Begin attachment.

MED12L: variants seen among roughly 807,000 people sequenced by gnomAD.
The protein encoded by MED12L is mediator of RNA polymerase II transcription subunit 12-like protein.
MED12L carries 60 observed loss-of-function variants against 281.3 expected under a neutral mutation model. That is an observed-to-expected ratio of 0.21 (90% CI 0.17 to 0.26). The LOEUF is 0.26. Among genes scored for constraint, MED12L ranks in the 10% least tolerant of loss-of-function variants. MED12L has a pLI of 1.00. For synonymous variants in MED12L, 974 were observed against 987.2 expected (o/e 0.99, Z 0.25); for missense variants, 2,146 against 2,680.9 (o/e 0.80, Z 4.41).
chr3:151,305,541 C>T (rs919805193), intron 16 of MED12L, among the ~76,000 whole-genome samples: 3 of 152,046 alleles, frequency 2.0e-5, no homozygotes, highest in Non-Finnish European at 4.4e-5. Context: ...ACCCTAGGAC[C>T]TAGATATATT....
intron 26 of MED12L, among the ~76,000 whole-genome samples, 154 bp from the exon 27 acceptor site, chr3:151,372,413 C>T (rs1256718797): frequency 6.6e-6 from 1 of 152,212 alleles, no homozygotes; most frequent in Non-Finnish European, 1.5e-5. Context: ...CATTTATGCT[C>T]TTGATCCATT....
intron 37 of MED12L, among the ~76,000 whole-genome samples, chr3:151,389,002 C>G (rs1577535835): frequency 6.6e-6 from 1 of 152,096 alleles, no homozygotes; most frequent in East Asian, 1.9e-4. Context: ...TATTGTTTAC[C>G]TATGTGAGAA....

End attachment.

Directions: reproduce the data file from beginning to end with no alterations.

MED12L: variants seen among roughly 807,000 people sequenced by gnomAD.
The protein encoded by MED12L is mediator of RNA polymerase II transcription subunit 12-like protein.
MED12L carries 60 observed loss-of-function variants against 281.3 expected under a neutral mutation model. That is an observed-to-expected ratio of 0.21 (90% CI 0.17 to 0.26). The LOEUF is 0.26. Among genes scored for constraint, MED12L ranks in the 10% least tolerant of loss-of-function variants. MED12L has a pLI of 1.00. For synonymous variants in MED12L, 974 were observed against 987.2 expected (o/e 0.99, Z 0.25); for missense variants, 2,146 against 2,680.9 (o/e 0.80, Z 4.41).
chr3:151,305,541 C>T (rs919805193), intron 16 of MED12L, among the ~76,000 whole-genome samples: 3 of 152,046 alleles, frequency 2.0e-5, no homozygotes, highest in Non-Finnish European at 4.4e-5. Context: ...ACCCTAGGAC[C>T]TAGATATATT....
intron 26 of MED12L, among the ~76,000 whole-genome samples, 154 bp from the exon 27 acceptor site, chr3:151,372,413 C>T (rs1256718797): frequency 6.6e-6 from 1 of 152,212 alleles, no homozygotes; most frequent in Non-Finnish European, 1.5e-5. Context: ...CATTTATGCT[C>T]TTGATCCATT....
intron 37 of MED12L, among the ~76,000 whole-genome samples, chr3:151,389,002 C>G (rs1577535835): frequency 6.6e-6 from 1 of 152,096 alleles, no homozygotes; most frequent in East Asian, 1.9e-4. Context: ...TATTGTTTAC[C>G]TATGTGAGAA....